Dr Robert Jay Lifton THE NAZI DOCTORS:
                        Medical Killing and the
                            Psychology of Genocide ©
  Page 63  
Previous Page

Home Page
Home Page  
   Next Page
“Euthanasia”: Direct Medical Killing 
The decree itself was brief:  
Reich Leader Bouhler and Dr. Brandt* are charged with the responsibility for expanding the authority of physicians, to be designated by name, to the end that patients considered incurable according to the best available human judgment [menschlichem Ermessen] of their state of health, can be granted a mercy death [Gnadentod].35† 
Actually issued in October, the decree was backdated to 1 September, so that it could relate directly to the day of the outbreak of the Second World War. While the backdating is usually attributed to Hitler’s conviction that a wartime atmosphere would render the German population more amenable to such a project, there was a deeper psychological relationship between “euthanasia” and war. As the fanatical Dr. Pfannmüller in the Nazi program put it: “The idea is unbearable to me that the best, the flower of our youth must lose its life at the front in order that feebleminded and irresponsible asocial elements can have a secure existence in the asylum.”37

The Nazis viewed their biomedical vision as having a heroic status parallel to that of war. Hitler’s concept that the state in itself was nothing, and existed only to serve the well-being of the Volk and the race, applied also to the major enterprises of the state, especially its transcendent enterprise of war. Rather than medical killing being subsumed to war, the war itself was subsumed to the vast biomedical vision of which “euthanasia” was a part. Or, to put the matter another way, the deepest impulses behind the war had to do with the sequence of sterilization, direct medical killing, and genocide.

Yet Hitler and other Nazi leaders were aware that they were embarking on a draconian, though in their eyes necessary, measure for which the German public and even the official state bureaucracy were not quite ready. Hence, the decree was written on Hitler’s private stationery, as though he “considered the death of many thousands of sick persons as his private matter, not ... a decision of the head of state.”38 Or, we may say, he understood himself to be a prophet whose racial vision outdistanced the state’s structure, making it necessary for him to avoid the bureaucratic apparatus and proceed directly to the matter at hand.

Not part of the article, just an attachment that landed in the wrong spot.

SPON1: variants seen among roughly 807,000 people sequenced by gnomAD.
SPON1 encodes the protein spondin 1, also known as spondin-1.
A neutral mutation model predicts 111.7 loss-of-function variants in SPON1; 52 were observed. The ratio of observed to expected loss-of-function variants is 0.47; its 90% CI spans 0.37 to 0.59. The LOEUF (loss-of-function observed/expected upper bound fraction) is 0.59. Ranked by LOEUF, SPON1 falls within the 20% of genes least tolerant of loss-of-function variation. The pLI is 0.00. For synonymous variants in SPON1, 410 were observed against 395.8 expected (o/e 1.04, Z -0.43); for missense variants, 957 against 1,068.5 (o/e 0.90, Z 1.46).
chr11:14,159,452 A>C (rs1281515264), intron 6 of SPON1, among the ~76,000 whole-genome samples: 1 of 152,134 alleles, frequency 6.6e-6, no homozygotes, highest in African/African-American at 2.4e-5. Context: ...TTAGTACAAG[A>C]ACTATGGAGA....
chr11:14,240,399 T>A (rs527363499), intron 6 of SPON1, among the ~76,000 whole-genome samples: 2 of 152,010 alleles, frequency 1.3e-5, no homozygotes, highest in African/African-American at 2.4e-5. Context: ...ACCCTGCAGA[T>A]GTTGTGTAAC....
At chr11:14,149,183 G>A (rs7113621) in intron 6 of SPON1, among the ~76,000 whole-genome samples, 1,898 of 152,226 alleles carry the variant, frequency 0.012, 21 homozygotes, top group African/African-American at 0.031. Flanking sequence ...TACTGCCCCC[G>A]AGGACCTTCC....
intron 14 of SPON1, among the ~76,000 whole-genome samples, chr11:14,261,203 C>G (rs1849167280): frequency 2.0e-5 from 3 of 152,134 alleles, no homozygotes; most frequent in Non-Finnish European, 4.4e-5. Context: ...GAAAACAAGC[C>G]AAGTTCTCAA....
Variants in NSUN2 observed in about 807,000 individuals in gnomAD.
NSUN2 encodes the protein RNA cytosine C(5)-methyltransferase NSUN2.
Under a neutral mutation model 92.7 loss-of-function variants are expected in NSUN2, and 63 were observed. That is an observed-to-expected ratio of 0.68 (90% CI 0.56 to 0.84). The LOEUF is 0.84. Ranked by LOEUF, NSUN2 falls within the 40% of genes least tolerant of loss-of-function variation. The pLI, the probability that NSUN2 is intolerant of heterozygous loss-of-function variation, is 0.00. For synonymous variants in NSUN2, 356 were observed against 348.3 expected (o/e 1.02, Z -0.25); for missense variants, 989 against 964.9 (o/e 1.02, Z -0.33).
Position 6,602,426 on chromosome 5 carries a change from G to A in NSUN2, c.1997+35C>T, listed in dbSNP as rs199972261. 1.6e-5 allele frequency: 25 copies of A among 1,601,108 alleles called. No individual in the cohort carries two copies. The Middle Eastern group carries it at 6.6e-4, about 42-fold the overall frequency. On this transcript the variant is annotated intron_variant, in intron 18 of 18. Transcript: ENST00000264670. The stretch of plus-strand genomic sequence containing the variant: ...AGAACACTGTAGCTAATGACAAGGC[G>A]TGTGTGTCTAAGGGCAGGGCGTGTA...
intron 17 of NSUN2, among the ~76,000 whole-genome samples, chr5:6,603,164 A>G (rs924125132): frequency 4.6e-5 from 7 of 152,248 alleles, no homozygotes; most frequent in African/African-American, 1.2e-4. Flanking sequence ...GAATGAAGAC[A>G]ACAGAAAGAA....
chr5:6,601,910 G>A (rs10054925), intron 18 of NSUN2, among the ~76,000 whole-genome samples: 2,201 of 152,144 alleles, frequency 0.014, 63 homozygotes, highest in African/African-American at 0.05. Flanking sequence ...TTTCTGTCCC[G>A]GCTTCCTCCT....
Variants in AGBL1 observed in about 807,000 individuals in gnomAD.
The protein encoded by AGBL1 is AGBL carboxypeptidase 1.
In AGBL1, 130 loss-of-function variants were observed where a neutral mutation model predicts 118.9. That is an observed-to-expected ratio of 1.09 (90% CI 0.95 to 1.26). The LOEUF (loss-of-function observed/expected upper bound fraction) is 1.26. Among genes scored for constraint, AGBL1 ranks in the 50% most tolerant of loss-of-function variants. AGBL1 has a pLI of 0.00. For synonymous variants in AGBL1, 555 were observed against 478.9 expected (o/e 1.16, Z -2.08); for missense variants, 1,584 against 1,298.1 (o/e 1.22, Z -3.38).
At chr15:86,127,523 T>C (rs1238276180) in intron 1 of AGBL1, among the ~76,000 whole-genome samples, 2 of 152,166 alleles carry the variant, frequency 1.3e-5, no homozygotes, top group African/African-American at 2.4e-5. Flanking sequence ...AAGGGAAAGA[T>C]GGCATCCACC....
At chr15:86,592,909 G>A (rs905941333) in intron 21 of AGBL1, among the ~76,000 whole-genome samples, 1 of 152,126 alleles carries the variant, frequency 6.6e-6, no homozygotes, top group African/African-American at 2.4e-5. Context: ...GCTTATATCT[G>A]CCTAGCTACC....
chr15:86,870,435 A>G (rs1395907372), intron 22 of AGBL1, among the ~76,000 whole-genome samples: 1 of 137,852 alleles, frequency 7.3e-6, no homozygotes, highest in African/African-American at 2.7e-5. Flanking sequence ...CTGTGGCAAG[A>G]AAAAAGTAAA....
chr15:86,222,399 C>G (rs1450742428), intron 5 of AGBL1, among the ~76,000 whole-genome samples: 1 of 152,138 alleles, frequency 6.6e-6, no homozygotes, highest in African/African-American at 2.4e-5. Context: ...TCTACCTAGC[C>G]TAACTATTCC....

His way of doing that was to go straight to the doctors. Inevitably, he ended up creating an elaborate new bureaucracy, one that was both medical and murderous. In his decision to turn the program over to Karl Brandt rather than to Conti (who, as health minister and Reich Health Leader, was the logical person to run it), Hitler was choosing his own
* Conti and Lammers were soon replaced as heads of the “euthanasia” program by Philip Bouhler and Karl Brandt.

† There was apparently some disagreement about the wording. The final draft was probably written by Dr. Max de Crinis, whose role will be discussed later. Note the broadened “incurable” criteria in this decree: Brandt later claimed that Hitler substituted “best available human judgment” for “nearly certain possibility.” 36
Medical Killing and the
Psychology of Genocide

Robert J. Lifton
ISBN 0-465-09094
© 1986
Previous Page  Back Page 63 Forward  Next Page